I shot the first eland bull I ever saw. It was my first African safari and we were hunting along the southern edge of the Limpopo River with Hennie Badenhorst of Lyon Safaris. There were eight hunters in our party and half of the group had eland on their wish list. A wealthy Texas business man was one of them.
On the second day of the hunt, rifle builder Charlie Sisk, my sister and I were riding with Badenhorst. We were hunting but mostly just enjoying Africa. The Texas tycoon was hunting with another PH from Lyon Safaris and they were looking for eland. Just before noon Badenhorst got a call on the radio that the hunter from Texas had wounded a nice eland bull. The PH was requesting Badenhorst bring his excellent blood trailing dogs to their location to help follow up the spore.
When we met the hunter and his PH they had dejected looks on their faces. Badenhorst, Sisk, the Texas trophy hunter and his PH took off behind the dogs and my sister and I remained, out of the way, in the Land Rover. The hounds were cut loose and quickly found the bull and in short order we heard a shot and heard the dogs struggling with the eland. Then there was another shot and about five minutes later the massive bull stepped into the two-track about 80 yards away.
I grabbed a rifle as I watched the animal attempt to stomp the three dogs into a blood puddle. The bull started toward us and I placed the crosshair at the base of his neck, pulled the trigger and he dropped. The wealthy Texan was upset he did not get to finish his own animal but I had no intention of letting the bull suffer any longer. And, at that time, decided I didn’t care if I ever shot another eland.
Two years later I was back hunting along the Limpopo with Badenhorst. I was there to try out a new short action, .50-caliber hunting cartridge developed by fellow West Virginian Michael Cyrus. Cyrus’ idea with his cartridge was for it be something that could be used on any game animal from whitetails to buffalo. Our original plan was to take quiet a few cull animals including wildebeest, warthogs, impala and hartebest but Badenhorst suggested we try the big gun out on the worlds largest antelope, eland.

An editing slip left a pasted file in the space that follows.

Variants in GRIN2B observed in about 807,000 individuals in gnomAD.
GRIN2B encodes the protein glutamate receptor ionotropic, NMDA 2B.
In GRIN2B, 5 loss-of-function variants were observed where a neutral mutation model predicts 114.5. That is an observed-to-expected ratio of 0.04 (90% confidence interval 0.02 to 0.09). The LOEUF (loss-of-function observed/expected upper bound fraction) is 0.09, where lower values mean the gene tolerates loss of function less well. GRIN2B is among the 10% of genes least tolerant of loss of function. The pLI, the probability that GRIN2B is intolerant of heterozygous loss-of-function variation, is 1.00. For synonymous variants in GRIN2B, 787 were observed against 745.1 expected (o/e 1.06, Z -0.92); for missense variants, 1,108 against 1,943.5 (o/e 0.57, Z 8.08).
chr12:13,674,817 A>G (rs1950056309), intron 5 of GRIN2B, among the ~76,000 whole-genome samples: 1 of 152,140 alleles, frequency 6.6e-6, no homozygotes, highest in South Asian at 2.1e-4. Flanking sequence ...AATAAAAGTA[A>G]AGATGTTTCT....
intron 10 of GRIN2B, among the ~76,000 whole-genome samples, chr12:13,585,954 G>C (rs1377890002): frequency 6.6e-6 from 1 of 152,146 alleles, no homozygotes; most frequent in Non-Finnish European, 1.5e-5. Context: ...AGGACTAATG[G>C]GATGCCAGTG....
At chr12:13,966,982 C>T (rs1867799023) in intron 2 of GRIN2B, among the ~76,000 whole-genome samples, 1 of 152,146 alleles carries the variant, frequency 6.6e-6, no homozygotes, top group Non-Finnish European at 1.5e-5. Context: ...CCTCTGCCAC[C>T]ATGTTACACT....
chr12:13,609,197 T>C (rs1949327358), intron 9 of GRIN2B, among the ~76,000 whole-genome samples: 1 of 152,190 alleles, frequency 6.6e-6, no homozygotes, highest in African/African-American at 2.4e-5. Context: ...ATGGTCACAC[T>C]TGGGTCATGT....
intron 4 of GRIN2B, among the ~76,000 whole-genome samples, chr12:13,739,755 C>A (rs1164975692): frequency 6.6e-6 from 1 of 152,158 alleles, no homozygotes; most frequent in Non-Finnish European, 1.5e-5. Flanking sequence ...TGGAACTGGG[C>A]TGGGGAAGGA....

The first two days we saw eland but could never maneuver ourselves into position for a good shot. On the third day things changed. We were motoring along in the Land Rover when Badenhorst spotted a bachelor group of eland bulls. We hastily set up for a shot and when one of the bulls turned quartering to me, I whacked him with the big 500.
I lost the bull in the violent recoil of the .500 Cyrus and looked to Badenhorst for hit confirmation. He shrugged his shoulders and looked at the young tracker he was training. The tracker and the driver both thought I missed and Badenhorst said, “I did not see any reaction from the bull.” I felt the shot had been good and the range was just short of 100 yards. Considering an eland bull is about the size of a Volkswagen, I doubted the shot had been wide.
“They are still there behind that group of trees, let’s try to get closer,” Badenhorst said. So we sneaked toward the antelope and when we had closed the distance to about 70 yards Badenhorst turned to me, whispering, “They are going to run out from left to right. Can you shoot on the move? There’re three bulls. Shoot the last one. That is the one you missed!”
When the third eland came out at a dead run, I found him in the aperture sight, tracked him a bit and squeezed the trigger. He kicked his rear legs high, ran about 40 yards and piled up. Badenhorst slapped me on the back and said, “Great shot! Let’s go see him!”
We took about three steps and something big and tawny colored to our left caught my eye. It was the first eland I had shot. He was standing with his head down, his legs spread wide and there was a trickle of blood running down his shoulder.
I pointed to Badenhorst and said, “There’s the first bull you thought I missed. He looks dead on his feet”
The trophy fee for an eland bull is not cheap, typically around $ 2600 and I could see Badenhorst’s face take on a whiter shade of pale with the realization we had two bulls down. After all, he had called the first shot a miss and directed me to shoot the second bull. So, the monkey as it were, was on his back.
I have now taken three eland, two of which I was technically not supposed to have shot. I’m okay with all three. Partly because I have no intentions of letting an animal suffer because of the bad shooting. (I would expect someone to do the same if they saw an animal I had wounded, staggering around.) And, partly because the last two bulls were both clean kills and I did exactly what my PH said. That’s just my luck with eland. Maybe next time I will take three.
Cross Outdoors, www.crossoutdoors.com
Lyon Safaris, www.lyonsafaris.com